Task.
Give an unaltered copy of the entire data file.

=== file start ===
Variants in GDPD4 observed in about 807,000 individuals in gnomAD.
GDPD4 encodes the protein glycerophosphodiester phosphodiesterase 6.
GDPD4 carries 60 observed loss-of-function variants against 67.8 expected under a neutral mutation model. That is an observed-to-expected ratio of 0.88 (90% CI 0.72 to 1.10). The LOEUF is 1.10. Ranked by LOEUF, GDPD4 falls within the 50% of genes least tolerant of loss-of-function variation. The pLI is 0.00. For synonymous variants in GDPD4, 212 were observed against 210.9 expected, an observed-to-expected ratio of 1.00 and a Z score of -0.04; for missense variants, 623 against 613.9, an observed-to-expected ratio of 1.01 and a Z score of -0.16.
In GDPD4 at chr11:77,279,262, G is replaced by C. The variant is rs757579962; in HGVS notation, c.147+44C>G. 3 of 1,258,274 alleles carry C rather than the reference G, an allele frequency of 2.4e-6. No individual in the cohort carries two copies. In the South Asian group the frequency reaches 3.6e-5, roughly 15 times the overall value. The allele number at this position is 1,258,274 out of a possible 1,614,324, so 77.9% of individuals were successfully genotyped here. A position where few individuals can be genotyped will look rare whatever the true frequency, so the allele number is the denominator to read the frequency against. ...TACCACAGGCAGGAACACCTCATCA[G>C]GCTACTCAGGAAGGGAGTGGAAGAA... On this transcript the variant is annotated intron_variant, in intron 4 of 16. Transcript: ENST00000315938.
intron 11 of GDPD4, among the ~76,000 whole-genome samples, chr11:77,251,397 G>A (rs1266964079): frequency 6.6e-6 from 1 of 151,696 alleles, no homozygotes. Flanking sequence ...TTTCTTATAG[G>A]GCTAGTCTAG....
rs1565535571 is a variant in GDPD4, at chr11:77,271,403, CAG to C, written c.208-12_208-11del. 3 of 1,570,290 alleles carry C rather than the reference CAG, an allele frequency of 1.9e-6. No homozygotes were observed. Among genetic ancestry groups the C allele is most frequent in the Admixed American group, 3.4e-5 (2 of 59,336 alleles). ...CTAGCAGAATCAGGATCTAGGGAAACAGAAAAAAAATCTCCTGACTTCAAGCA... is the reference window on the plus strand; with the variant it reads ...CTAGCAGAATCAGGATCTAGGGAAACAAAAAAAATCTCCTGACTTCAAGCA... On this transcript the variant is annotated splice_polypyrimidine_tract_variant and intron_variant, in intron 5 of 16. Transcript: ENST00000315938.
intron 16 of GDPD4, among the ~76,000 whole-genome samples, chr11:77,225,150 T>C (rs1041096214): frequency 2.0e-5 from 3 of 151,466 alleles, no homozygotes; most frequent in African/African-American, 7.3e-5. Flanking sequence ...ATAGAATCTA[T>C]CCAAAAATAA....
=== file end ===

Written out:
Variants in GDPD4 observed in about 807,000 individuals in gnomAD.
GDPD4 encodes the protein glycerophosphodiester phosphodiesterase 6.
GDPD4 carries 60 observed loss-of-function variants against 67.8 expected under a neutral mutation model. That is an observed-to-expected ratio of 0.88 (90% CI 0.72 to 1.10). The LOEUF is 1.10. Ranked by LOEUF, GDPD4 falls within the 50% of genes least tolerant of loss-of-function variation. The pLI is 0.00. For synonymous variants in GDPD4, 212 were observed against 210.9 expected, an observed-to-expected ratio of 1.00 and a Z score of -0.04; for missense variants, 623 against 613.9, an observed-to-expected ratio of 1.01 and a Z score of -0.16.
In GDPD4 at chr11:77,279,262, G is replaced by C. The variant is rs757579962; in HGVS notation, c.147+44C>G. 3 of 1,258,274 alleles carry C rather than the reference G, an allele frequency of 2.4e-6. No individual in the cohort carries two copies. In the South Asian group the frequency reaches 3.6e-5, roughly 15 times the overall value. The allele number at this position is 1,258,274 out of a possible 1,614,324, so 77.9% of individuals were successfully genotyped here. A position where few individuals can be genotyped will look rare whatever the true frequency, so the allele number is the denominator to read the frequency against. ...TACCACAGGCAGGAACACCTCATCA[G>C]GCTACTCAGGAAGGGAGTGGAAGAA... On this transcript the variant is annotated intron_variant, in intron 4 of 16. Transcript: ENST00000315938.
intron 11 of GDPD4, among the ~76,000 whole-genome samples, chr11:77,251,397 G>A (rs1266964079): frequency 6.6e-6 from 1 of 151,696 alleles, no homozygotes. Flanking sequence ...TTTCTTATAG[G>A]GCTAGTCTAG....
rs1565535571 is a variant in GDPD4, at chr11:77,271,403, CAG to C, written c.208-12_208-11del. 3 of 1,570,290 alleles carry C rather than the reference CAG, an allele frequency of 1.9e-6. No homozygotes were observed. Among genetic ancestry groups the C allele is most frequent in the Admixed American group, 3.4e-5 (2 of 59,336 alleles). ...CTAGCAGAATCAGGATCTAGGGAAACAGAAAAAAAATCTCCTGACTTCAAGCA... is the reference window on the plus strand; with the variant it reads ...CTAGCAGAATCAGGATCTAGGGAAACAAAAAAAATCTCCTGACTTCAAGCA... On this transcript the variant is annotated splice_polypyrimidine_tract_variant and intron_variant, in intron 5 of 16. Transcript: ENST00000315938.
intron 16 of GDPD4, among the ~76,000 whole-genome samples, chr11:77,225,150 T>C (rs1041096214): frequency 2.0e-5 from 3 of 151,466 alleles, no homozygotes; most frequent in African/African-American, 7.3e-5. Flanking sequence ...ATAGAATCTA[T>C]CCAAAAATAA....